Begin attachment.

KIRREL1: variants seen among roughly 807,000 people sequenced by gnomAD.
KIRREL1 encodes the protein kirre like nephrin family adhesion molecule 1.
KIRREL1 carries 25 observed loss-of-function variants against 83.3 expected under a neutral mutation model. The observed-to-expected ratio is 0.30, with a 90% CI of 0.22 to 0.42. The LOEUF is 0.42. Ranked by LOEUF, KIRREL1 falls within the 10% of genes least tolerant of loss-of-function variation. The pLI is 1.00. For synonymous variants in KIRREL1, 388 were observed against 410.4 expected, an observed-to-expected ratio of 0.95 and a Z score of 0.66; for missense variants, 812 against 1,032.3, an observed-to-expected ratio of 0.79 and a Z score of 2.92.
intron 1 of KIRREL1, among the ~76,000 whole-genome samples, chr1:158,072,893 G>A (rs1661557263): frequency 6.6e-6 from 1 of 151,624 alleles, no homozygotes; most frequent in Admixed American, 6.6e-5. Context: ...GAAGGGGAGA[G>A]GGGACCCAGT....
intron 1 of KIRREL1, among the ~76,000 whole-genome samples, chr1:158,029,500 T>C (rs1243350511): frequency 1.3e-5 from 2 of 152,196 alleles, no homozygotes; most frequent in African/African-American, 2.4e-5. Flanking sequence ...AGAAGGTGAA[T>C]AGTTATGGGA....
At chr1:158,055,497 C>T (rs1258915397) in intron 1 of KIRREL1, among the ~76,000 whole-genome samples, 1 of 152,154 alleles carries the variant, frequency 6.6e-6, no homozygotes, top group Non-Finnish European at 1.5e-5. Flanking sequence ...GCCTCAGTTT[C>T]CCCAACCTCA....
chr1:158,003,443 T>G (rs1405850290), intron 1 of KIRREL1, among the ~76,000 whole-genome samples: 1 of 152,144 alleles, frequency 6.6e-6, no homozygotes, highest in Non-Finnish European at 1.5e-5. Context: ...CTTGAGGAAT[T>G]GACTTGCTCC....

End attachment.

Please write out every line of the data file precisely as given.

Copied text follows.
KIRREL1: variants seen among roughly 807,000 people sequenced by gnomAD.
KIRREL1 encodes the protein kirre like nephrin family adhesion molecule 1.
KIRREL1 carries 25 observed loss-of-function variants against 83.3 expected under a neutral mutation model. The observed-to-expected ratio is 0.30, with a 90% CI of 0.22 to 0.42. The LOEUF is 0.42. Ranked by LOEUF, KIRREL1 falls within the 10% of genes least tolerant of loss-of-function variation. The pLI is 1.00. For synonymous variants in KIRREL1, 388 were observed against 410.4 expected, an observed-to-expected ratio of 0.95 and a Z score of 0.66; for missense variants, 812 against 1,032.3, an observed-to-expected ratio of 0.79 and a Z score of 2.92.
intron 1 of KIRREL1, among the ~76,000 whole-genome samples, chr1:158,072,893 G>A (rs1661557263): frequency 6.6e-6 from 1 of 151,624 alleles, no homozygotes; most frequent in Admixed American, 6.6e-5. Context: ...GAAGGGGAGA[G>A]GGGACCCAGT....
intron 1 of KIRREL1, among the ~76,000 whole-genome samples, chr1:158,029,500 T>C (rs1243350511): frequency 1.3e-5 from 2 of 152,196 alleles, no homozygotes; most frequent in African/African-American, 2.4e-5. Flanking sequence ...AGAAGGTGAA[T>C]AGTTATGGGA....
At chr1:158,055,497 C>T (rs1258915397) in intron 1 of KIRREL1, among the ~76,000 whole-genome samples, 1 of 152,154 alleles carries the variant, frequency 6.6e-6, no homozygotes, top group Non-Finnish European at 1.5e-5. Flanking sequence ...GCCTCAGTTT[C>T]CCCAACCTCA....
chr1:158,003,443 T>G (rs1405850290), intron 1 of KIRREL1, among the ~76,000 whole-genome samples: 1 of 152,144 alleles, frequency 6.6e-6, no homozygotes, highest in Non-Finnish European at 1.5e-5. Context: ...CTTGAGGAAT[T>G]GACTTGCTCC....